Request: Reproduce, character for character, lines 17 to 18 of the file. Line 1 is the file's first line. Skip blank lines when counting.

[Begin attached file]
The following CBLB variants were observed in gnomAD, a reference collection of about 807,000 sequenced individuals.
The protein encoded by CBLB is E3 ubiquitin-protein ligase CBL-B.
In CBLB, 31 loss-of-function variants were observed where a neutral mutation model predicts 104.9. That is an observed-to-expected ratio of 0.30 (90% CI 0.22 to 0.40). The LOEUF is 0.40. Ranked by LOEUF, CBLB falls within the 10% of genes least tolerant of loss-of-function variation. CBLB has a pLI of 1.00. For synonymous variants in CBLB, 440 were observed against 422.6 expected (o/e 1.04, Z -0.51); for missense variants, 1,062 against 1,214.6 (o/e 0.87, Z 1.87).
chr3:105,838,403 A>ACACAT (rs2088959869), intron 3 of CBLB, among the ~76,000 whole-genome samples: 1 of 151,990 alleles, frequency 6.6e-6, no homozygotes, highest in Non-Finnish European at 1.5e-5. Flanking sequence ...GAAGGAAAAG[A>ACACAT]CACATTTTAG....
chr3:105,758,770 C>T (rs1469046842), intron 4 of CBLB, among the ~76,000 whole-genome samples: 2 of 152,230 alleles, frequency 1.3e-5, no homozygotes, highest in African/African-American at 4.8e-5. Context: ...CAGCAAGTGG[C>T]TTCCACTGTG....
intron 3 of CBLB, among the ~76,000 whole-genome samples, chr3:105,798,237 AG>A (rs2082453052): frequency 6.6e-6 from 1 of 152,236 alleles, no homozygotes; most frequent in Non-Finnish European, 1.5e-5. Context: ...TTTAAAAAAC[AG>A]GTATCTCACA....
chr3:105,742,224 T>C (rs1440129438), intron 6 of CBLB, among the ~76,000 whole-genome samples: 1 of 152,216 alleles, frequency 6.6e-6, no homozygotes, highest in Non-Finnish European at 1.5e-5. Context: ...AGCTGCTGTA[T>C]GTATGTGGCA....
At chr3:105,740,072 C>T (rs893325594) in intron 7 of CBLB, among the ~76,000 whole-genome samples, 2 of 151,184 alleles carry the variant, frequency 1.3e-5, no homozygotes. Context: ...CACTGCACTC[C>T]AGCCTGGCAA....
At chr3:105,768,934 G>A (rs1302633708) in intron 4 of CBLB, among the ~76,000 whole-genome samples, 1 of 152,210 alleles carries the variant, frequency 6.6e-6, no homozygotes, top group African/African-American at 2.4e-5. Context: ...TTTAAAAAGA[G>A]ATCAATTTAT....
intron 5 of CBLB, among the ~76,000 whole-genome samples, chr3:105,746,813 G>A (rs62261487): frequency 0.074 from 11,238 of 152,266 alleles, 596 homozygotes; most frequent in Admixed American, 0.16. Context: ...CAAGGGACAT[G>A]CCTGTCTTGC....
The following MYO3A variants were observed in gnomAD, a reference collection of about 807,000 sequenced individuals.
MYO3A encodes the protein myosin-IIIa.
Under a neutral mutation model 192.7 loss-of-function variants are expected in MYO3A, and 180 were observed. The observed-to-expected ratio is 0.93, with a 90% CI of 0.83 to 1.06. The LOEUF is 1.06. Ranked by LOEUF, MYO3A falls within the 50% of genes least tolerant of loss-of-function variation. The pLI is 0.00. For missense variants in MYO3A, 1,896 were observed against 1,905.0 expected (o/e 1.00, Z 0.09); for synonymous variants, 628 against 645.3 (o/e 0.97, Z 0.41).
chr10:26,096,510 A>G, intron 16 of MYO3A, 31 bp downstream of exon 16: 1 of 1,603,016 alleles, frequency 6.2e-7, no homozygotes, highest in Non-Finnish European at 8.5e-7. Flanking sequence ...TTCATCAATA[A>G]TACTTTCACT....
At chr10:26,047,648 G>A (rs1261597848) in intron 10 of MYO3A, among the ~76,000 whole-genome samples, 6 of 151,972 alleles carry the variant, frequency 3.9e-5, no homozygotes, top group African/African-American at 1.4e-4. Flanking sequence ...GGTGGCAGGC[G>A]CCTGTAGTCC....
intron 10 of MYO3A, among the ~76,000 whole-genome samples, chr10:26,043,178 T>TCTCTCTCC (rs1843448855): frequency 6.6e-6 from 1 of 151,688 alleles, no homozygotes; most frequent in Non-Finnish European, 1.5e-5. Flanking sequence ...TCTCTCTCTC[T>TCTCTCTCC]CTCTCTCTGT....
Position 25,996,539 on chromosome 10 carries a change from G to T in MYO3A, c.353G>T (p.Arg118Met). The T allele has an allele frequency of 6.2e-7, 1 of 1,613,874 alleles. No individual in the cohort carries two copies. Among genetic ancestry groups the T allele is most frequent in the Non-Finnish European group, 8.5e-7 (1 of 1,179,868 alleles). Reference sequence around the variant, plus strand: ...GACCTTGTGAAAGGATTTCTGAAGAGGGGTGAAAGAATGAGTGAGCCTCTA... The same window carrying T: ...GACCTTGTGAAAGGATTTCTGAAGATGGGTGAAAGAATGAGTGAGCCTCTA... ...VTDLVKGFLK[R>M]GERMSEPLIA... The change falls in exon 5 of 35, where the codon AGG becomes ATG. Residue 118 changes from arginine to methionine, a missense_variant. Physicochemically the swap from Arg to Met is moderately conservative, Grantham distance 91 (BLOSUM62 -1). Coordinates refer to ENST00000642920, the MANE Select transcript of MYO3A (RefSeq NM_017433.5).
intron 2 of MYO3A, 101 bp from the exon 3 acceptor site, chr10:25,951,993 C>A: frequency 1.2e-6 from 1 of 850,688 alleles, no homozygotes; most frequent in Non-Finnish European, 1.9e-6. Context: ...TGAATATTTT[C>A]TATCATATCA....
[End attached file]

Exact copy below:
Position 25,996,539 on chromosome 10 carries a change from G to T in MYO3A, c.353G>T (p.Arg118Met). The T allele has an allele frequency of 6.2e-7, 1 of 1,613,874 alleles. No individual in the cohort carries two copies. Among genetic ancestry groups the T allele is most frequent in the Non-Finnish European group, 8.5e-7 (1 of 1,179,868 alleles). Reference sequence around the variant, plus strand: ...GACCTTGTGAAAGGATTTCTGAAGAGGGGTGAAAGAATGAGTGAGCCTCTA... The same window carrying T: ...GACCTTGTGAAAGGATTTCTGAAGATGGGTGAAAGAATGAGTGAGCCTCTA... ...VTDLVKGFLK[R>M]GERMSEPLIA... The change falls in exon 5 of 35, where the codon AGG becomes ATG. Residue 118 changes from arginine to methionine, a missense_variant. Physicochemically the swap from Arg to Met is moderately conservative, Grantham distance 91 (BLOSUM62 -1). Coordinates refer to ENST00000642920, the MANE Select transcript of MYO3A (RefSeq NM_017433.5).
intron 2 of MYO3A, 101 bp from the exon 3 acceptor site, chr10:25,951,993 C>A: frequency 1.2e-6 from 1 of 850,688 alleles, no homozygotes; most frequent in Non-Finnish European, 1.9e-6. Context: ...TGAATATTTT[C>A]TATCATATCA....